I absolutely love that you’ve placed me with a long term position. The hours are nice, the pay is above average which is SO nice. I would say my experience with ABR  has, so far, been excellent – as I have been placed at a job I like. ABR seems committed to placing the right people with the right jobs, and I truly appreciate working with ABR currently. Thanks much.

ABR Found Me A Rewarding Job

November 12th, 2013

ABR regularly receives testimonials and letters of thanks from our Talent. We recently received the following from Malinda Vance:

I would like to thank ABR Staff for your professionalism and assistance in working with me to find a rewarding job. I have had the pleasure of working with you in two placements and you have been very supportive and understanding in the midst of some difficult circumstances.

During those times that I unfortunately found myself looking for employment I signed up with several staffing companies; on both occasions ABR has been able to find me positions that matched my skills and capabilities. There is no such thing as the perfect position or company and when I found myself being let go from one of those positions through no fault of my own, the staff at ABR was very understanding and supportive and immediately went about searching for another position for me. I was hesitant to accept the position that I am in now because it was a temporary position; however, within two weeks of working there I was offered a permanent position.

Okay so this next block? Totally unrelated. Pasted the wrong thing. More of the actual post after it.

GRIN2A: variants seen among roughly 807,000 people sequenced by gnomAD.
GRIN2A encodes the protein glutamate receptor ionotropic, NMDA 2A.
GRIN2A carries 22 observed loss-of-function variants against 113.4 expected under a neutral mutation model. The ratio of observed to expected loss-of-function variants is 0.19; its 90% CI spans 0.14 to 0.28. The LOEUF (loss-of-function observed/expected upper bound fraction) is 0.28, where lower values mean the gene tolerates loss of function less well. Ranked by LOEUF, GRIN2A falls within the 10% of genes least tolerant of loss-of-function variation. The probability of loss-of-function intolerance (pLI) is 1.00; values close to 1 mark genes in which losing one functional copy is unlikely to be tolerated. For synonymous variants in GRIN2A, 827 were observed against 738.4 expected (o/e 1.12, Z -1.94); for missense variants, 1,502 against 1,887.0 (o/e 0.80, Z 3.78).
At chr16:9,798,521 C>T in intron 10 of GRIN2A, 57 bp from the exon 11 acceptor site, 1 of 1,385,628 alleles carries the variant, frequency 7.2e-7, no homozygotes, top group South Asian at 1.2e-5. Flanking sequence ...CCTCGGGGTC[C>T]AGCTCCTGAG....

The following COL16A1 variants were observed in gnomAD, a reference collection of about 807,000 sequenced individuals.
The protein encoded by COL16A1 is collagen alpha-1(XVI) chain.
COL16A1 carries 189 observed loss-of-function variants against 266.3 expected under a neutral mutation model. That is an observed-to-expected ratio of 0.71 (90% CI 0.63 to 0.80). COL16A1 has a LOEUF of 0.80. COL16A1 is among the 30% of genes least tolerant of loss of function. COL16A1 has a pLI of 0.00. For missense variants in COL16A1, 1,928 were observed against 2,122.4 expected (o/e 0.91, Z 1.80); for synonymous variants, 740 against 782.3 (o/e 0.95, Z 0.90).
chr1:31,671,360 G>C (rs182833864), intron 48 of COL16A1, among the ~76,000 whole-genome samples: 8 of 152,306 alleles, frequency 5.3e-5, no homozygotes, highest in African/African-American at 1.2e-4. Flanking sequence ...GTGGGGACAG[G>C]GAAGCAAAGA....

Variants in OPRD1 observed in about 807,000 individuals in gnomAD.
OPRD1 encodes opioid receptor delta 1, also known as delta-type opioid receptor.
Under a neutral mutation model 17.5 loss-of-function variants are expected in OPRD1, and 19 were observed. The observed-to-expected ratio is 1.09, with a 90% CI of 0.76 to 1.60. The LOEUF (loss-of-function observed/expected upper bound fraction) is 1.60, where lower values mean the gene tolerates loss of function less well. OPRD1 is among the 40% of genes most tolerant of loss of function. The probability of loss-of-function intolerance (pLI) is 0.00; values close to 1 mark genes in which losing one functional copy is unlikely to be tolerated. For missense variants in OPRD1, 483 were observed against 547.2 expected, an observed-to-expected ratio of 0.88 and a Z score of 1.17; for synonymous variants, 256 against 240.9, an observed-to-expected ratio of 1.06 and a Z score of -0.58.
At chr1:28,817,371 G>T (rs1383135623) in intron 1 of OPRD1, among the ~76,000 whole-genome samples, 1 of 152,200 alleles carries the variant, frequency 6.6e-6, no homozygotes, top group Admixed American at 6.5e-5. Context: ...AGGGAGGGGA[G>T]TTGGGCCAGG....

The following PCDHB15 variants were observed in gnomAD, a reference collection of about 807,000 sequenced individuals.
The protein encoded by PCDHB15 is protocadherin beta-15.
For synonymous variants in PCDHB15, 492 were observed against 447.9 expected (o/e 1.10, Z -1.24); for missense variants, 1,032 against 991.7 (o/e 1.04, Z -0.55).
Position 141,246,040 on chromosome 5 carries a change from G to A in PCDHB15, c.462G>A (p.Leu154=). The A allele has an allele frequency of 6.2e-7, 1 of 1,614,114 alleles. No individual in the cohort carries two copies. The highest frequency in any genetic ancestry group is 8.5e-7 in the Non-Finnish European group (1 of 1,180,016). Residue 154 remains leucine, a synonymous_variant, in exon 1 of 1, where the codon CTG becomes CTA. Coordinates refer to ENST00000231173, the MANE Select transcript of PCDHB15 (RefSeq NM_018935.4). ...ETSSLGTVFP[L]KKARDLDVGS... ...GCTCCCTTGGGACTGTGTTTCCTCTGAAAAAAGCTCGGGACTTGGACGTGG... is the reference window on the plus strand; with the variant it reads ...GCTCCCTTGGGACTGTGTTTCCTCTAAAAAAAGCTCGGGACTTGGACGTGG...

The company that I am currently working for has been very impressed with the caliber of employees they have hired through ABR and have spoken very highly of the professionalism of the ABR staff. I have also, despite the circumstances, enjoyed working with ABR; on the number of occasions that I have had to call the office I have always been treated with the utmost respect.

Thank you,

Malinda Vance

Safe Forklift Operation

November 11th, 2013
Photo Credit: Mark Eslick

Photo Credit: Mark Eslick

This is the second in a series featuring safety in the workplace. Stay tuned for more information on forklift safety, machine operation safety, and general safety tips for the workplace.

The Center for Disease Control and Prevention says nearly 100 US workers are killed each year while another 20,000 are seriously injured in forklift-related accidents. Whether you operate on or near a forklift, there are many steps you can take to protect yourself. Keep your safety at the top of mind at all times.